The best way we have found to put air into the tank is through cylindrical air stones. Even though they have relatively large air bubbles, they don't clog up as much as the finer bubble diffusers.
Our dissolved oxygen levels regularly measure between 6 and 7 ppm depending on water temperature. A study made with tilapia and varying amounts of dissolved oxygen (DO) in the water showed a doubling of growth rate from a DO of below 3 ppm to a DO above 6 ppm.
Air pumps need to be run 24/7, to do otherwise is to kill fish. After all, how long would you last without air?
There is what I consider misinformation regarding the size of an Aquaponics system and its biological stability. I challenge the idea that an aquaponics system has to be a minimum number of gallons to maintain biological stability. It has more to do with the fish to water ratios, regardless of the size. This assumes a constant system temperature.
The system's temperature stability is another matter. It has to do with the volume of water to the surface area of the fish tank plus the surface area of the top of the water in the fish tank. Add to that the surface area of the grow beds (all 6 sides) and the water contained therein. Then consider the amount of insulation, if any, surrounding these components as well as the varying air temperature where your system is located and you have the thermal stability.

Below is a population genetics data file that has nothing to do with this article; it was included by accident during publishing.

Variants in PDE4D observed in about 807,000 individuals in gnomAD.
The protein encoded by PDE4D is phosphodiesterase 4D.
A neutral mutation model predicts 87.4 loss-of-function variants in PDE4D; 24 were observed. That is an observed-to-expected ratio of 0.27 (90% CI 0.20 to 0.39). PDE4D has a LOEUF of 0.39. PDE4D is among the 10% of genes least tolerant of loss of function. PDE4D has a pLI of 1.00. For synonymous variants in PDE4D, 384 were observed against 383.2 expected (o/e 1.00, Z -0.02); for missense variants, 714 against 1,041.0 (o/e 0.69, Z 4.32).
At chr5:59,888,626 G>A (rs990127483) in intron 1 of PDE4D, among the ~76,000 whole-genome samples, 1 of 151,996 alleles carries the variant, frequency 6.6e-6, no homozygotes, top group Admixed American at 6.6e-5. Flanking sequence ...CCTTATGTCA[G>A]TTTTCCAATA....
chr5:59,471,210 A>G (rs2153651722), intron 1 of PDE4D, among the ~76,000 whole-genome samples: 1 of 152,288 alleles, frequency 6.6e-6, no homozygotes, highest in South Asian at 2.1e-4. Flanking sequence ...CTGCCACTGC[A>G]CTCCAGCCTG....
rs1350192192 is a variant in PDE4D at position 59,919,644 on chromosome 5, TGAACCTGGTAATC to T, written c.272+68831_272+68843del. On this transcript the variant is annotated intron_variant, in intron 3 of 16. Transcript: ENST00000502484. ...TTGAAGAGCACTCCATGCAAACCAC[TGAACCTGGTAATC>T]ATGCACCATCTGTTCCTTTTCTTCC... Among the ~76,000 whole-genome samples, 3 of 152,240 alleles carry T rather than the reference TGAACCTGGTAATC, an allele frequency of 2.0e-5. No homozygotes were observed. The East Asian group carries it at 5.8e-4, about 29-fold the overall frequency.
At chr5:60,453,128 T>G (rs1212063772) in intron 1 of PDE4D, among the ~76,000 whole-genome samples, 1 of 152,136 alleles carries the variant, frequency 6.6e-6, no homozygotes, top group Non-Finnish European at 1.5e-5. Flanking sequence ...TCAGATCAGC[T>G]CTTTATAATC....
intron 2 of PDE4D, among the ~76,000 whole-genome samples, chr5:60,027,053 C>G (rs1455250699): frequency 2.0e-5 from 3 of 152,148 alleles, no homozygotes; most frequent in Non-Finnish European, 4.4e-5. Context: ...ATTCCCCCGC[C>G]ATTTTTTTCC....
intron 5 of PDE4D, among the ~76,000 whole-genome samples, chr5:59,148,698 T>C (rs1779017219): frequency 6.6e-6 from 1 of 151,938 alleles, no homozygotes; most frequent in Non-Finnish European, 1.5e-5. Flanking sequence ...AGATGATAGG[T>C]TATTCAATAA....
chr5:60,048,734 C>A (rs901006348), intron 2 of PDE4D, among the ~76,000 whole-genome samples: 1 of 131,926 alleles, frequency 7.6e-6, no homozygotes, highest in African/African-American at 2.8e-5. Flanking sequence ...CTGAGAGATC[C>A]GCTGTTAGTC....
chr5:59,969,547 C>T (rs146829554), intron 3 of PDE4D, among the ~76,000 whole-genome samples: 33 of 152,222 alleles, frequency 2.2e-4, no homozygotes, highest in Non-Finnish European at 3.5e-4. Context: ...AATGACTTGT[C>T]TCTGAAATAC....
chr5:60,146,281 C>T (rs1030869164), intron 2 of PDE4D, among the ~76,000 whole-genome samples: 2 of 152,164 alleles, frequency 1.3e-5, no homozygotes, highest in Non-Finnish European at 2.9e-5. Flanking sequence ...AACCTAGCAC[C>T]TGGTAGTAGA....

In addition, you will be pumping air through your fish tank in order to increase your dissolved oxygen levels. This process cools the water due to transfer of liquid water to vaporized water as the air bubbles rise through the water in the fish tank. The same thing is happening in the grow beds as you pump in and siphon out water. Air is also pumped in and out during this proccess as well, causing evaporation and cooling. This is known as latent heat of vaporization, or cooling as water is evaporated.